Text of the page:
We’re going to throw a little love toward the East Coast this month, showcasing beers from brewers from the Mid-Atlantic to the upper section of the Southeast. The selection runs the gamut—refreshing, quenching Kölsches to the very bold and boozy.
The craft beer market has evolved quite a bit in the past decade but there’s one thing that hasn’t changed: Year after year, IPA (or India Pale Ale to the more formally minded) ranks as the, hands-down, most popular beer style.
Spirited SuccessesTwelve restaurants where the bar is raised to exceptional standards. by Alia AkkamA staggering number of bars today—whether an upscale speakeasy or neighborhood dive—astound with their rich collections of obscure spirits, carefully created concoctions, and knowledgeable staff.
Each fall when I attend the Great American Beer Festival (GABF) in Denver, there’s always a point when I stop whatever I’m doing, gaze across the hall of the Colorado Convention Center, and marvel at just how far beer has come.
Getting your hands on brands that medaled in the Great American Beer Festival (GABF) sometimes can be a feat in itself. But that’s only half the battle. Once the award-winning brews are on the menu, the next task at hand is to tell guests that they’re there and why they’re so special.
Winning a gold, silver or bronze at the Great American Beer Festival (GABF) is about much more than bragging rights for brewers who managed to leave the Denver event with any of the 286 medals awarded in Denver.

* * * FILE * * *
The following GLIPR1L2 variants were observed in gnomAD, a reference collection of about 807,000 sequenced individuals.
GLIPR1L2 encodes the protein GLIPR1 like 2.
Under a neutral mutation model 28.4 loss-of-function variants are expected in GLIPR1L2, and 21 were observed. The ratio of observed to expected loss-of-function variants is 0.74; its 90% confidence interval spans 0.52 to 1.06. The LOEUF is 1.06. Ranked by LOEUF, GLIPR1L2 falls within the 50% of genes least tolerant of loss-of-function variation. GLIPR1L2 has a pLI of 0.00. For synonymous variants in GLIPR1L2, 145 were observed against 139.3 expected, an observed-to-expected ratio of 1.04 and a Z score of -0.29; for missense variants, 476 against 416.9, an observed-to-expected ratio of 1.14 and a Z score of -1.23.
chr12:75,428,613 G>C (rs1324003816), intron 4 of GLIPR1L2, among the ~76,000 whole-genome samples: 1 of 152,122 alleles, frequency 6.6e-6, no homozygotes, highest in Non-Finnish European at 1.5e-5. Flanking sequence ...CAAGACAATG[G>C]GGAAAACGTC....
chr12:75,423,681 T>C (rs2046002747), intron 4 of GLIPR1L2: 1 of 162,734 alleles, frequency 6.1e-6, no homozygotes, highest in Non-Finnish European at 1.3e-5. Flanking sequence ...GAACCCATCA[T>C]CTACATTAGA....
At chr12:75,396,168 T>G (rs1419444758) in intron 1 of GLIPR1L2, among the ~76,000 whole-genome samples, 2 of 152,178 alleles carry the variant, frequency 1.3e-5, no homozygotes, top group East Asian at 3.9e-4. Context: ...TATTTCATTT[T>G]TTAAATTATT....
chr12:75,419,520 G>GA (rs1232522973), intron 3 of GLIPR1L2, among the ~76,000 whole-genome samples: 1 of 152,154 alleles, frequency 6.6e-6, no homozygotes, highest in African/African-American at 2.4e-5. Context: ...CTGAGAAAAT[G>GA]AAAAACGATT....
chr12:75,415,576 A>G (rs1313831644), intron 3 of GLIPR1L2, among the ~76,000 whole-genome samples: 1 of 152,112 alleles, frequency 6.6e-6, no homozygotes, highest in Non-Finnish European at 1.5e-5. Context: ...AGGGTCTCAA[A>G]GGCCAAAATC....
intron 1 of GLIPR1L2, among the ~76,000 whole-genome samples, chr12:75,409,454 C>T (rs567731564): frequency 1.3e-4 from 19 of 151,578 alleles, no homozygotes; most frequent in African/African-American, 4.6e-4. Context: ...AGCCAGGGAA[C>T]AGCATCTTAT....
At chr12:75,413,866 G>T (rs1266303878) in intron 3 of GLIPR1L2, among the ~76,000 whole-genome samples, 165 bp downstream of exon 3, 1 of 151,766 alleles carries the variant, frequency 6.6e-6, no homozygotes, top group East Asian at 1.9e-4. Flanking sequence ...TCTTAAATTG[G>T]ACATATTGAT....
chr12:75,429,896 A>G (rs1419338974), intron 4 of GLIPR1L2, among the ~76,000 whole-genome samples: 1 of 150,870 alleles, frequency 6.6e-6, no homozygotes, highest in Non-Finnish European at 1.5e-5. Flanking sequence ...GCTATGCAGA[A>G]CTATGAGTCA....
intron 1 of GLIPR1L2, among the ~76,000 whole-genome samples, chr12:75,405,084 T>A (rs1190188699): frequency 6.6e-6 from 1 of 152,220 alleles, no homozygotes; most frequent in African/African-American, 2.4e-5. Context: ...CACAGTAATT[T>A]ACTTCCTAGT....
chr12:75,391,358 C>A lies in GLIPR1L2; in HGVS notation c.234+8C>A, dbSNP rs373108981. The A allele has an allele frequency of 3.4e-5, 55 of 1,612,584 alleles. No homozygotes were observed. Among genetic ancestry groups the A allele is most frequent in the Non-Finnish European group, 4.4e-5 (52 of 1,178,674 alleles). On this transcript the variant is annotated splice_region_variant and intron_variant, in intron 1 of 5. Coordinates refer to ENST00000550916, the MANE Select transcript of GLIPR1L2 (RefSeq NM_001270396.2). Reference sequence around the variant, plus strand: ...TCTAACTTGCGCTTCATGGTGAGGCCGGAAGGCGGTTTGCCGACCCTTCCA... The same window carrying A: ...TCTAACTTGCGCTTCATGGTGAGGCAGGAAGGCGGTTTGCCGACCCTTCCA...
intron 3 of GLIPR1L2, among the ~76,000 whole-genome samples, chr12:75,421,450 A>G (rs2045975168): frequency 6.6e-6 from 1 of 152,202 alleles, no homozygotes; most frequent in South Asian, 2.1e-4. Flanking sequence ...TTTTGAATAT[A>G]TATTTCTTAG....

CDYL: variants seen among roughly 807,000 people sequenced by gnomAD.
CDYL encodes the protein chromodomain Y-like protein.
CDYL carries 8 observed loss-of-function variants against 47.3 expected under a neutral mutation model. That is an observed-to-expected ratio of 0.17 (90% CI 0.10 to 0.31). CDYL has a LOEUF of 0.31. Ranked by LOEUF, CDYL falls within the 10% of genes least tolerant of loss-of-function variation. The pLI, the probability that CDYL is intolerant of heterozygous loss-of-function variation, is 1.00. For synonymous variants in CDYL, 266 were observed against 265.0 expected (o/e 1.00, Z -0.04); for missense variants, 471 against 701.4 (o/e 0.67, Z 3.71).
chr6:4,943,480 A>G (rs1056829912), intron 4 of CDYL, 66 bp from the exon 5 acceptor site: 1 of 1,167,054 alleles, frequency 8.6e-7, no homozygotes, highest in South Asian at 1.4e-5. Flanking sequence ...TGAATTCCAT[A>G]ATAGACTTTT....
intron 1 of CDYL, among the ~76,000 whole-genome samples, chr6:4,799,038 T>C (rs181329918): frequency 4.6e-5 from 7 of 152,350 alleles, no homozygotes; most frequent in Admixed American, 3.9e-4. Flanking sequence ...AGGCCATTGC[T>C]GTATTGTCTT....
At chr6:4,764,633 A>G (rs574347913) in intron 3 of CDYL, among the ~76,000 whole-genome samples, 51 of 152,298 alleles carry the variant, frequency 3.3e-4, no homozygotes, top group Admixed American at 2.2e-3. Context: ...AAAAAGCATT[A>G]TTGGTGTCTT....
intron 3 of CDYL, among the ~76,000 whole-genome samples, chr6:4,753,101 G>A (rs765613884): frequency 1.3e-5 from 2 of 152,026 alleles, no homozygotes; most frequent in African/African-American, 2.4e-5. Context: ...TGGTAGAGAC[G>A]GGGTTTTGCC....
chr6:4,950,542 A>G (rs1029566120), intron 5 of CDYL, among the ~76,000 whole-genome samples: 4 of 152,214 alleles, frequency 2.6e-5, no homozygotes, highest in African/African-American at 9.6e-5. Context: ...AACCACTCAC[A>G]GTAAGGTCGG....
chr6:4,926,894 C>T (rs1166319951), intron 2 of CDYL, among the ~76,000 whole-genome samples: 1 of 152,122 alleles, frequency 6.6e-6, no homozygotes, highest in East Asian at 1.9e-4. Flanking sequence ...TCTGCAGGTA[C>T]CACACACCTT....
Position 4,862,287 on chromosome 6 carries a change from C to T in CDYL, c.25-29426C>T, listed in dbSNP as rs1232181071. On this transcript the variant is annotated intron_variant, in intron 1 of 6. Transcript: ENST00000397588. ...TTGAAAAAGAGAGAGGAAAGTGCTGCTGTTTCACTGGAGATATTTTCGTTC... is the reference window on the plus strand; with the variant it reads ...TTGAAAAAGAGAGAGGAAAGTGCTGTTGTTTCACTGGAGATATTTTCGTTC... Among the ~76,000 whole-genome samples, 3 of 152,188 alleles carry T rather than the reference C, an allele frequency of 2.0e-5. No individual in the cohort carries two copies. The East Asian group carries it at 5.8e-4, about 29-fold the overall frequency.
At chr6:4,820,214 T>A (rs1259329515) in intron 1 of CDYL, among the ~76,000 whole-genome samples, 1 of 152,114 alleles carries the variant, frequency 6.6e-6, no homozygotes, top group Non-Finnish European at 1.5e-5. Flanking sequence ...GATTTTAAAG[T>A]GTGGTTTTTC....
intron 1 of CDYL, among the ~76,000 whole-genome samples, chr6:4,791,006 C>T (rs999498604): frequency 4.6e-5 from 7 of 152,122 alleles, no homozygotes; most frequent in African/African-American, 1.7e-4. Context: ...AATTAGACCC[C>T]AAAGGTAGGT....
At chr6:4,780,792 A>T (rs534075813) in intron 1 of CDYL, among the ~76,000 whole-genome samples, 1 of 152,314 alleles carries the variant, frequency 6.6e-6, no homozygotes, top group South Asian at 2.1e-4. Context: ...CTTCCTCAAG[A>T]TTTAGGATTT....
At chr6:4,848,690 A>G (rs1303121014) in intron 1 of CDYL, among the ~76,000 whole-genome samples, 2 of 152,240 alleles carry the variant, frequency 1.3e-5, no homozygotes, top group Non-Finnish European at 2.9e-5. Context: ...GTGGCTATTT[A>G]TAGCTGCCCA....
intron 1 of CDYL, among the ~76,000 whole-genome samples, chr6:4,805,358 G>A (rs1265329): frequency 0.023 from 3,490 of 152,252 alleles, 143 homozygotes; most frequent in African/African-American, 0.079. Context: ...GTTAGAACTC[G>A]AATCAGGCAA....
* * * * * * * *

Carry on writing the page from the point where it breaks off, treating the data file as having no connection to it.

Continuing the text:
Every year, as the number of pages in the calendar gets scarce and we move headlong into “’tis the season” territory, I get a little contemplative about the seasons—more specifically, about the limited-time brews that correspond with those seasons.
These are indeed noisy times for craft beer. Just log on to Twitter or any other major social media platform the day a small brewery announces that a major macro producer is acquiring it. One-hundred-forty-character-and-under shouts proclaim “Sellout!” “I’m never drinking their beer again!” “Craft is dead!” Opinions like these tend to dominate the feeds on those days, usually drowning out the softer declarations like, “It’s the same beer it was yesterday and I’ll still drink it,” and “Beer is beer.
I’ve been covering the beer business in its many iterations for nearly 14 years, and in that time I’ve watched attitudes toward the beverage transition from indifference and disrespect to unabashed reverence.
It would be a massive understatement to say that the beer menu has changed quite a bit since 1996. That’s the year Downingtown, Pennsylvania–based Victory Brewing Company first opened its doors, at the tail end of craft brewing’s initial boom.